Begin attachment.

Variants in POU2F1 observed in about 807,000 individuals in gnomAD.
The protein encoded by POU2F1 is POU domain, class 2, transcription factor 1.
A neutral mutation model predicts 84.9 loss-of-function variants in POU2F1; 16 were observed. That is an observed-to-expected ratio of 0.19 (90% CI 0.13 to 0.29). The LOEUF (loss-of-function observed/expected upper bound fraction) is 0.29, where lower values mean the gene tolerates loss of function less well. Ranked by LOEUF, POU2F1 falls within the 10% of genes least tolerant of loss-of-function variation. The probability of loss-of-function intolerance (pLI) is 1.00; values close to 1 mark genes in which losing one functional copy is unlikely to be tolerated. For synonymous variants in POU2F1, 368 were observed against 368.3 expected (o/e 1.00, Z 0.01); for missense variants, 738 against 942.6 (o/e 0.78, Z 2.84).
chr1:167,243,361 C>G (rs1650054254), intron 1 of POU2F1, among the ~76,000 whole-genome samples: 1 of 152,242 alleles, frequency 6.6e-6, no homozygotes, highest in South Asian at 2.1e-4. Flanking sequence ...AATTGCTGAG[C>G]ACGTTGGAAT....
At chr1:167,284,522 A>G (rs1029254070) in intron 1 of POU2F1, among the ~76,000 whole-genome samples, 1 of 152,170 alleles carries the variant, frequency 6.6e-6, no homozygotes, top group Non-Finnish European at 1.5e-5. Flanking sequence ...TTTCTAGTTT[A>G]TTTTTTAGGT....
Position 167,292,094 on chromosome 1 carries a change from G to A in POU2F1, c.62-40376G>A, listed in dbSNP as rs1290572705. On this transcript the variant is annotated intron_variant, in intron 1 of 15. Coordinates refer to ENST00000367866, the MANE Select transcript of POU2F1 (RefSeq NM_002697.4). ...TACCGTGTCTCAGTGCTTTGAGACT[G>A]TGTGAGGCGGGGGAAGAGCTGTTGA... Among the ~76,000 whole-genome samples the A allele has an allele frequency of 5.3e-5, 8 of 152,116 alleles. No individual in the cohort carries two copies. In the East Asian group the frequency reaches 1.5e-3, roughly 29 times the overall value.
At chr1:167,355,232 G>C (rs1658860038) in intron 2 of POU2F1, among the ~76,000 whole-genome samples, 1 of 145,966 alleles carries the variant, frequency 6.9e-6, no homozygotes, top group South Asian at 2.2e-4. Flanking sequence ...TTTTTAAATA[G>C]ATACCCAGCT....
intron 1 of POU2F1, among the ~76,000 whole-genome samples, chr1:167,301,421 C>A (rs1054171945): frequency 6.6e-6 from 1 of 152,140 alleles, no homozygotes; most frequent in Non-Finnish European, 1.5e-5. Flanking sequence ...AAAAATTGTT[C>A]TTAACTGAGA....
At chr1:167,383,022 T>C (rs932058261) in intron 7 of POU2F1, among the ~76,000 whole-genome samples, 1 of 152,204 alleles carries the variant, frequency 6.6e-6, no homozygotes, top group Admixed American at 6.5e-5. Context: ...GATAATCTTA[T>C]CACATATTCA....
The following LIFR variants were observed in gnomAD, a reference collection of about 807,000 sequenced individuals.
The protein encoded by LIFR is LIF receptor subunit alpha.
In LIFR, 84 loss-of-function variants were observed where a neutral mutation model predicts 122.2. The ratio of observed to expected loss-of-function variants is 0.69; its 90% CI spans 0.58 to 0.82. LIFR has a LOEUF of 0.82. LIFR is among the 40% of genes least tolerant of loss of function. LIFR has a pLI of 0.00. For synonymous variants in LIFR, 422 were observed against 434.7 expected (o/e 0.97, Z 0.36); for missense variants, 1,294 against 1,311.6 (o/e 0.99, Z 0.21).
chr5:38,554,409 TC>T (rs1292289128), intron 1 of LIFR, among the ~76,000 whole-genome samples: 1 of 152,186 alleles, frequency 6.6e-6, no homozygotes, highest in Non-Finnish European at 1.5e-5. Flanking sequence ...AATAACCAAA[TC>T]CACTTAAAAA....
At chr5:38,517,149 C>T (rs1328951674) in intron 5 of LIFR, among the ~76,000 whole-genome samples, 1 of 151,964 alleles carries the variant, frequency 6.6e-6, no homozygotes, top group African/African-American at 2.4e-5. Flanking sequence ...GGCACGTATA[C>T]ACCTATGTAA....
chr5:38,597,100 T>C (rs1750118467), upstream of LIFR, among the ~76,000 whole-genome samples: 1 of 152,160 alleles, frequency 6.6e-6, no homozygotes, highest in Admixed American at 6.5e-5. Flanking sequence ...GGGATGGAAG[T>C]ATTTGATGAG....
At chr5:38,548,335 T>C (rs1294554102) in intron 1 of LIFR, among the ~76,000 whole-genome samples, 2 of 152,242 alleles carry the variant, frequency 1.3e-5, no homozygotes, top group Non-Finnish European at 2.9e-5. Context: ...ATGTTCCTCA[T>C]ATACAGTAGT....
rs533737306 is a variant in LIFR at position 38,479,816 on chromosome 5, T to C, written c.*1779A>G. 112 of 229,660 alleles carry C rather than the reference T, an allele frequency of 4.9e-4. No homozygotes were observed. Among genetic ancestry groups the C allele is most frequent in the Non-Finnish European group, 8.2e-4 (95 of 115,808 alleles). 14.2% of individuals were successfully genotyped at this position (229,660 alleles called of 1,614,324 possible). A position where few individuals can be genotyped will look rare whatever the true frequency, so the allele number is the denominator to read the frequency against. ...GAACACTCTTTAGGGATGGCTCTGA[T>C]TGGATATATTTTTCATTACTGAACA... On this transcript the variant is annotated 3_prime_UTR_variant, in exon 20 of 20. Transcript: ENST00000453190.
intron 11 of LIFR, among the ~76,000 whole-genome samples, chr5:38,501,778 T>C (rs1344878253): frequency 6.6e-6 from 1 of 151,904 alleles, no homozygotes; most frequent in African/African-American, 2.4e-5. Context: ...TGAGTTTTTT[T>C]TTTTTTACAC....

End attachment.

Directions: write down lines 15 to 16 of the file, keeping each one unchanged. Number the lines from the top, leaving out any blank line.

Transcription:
chr5:38,597,100 T>C (rs1750118467), upstream of LIFR, among the ~76,000 whole-genome samples: 1 of 152,160 alleles, frequency 6.6e-6, no homozygotes, highest in Admixed American at 6.5e-5. Flanking sequence ...GGGATGGAAG[T>C]ATTTGATGAG....
At chr5:38,548,335 T>C (rs1294554102) in intron 1 of LIFR, among the ~76,000 whole-genome samples, 2 of 152,242 alleles carry the variant, frequency 1.3e-5, no homozygotes, top group Non-Finnish European at 2.9e-5. Context: ...ATGTTCCTCA[T>C]ATACAGTAGT....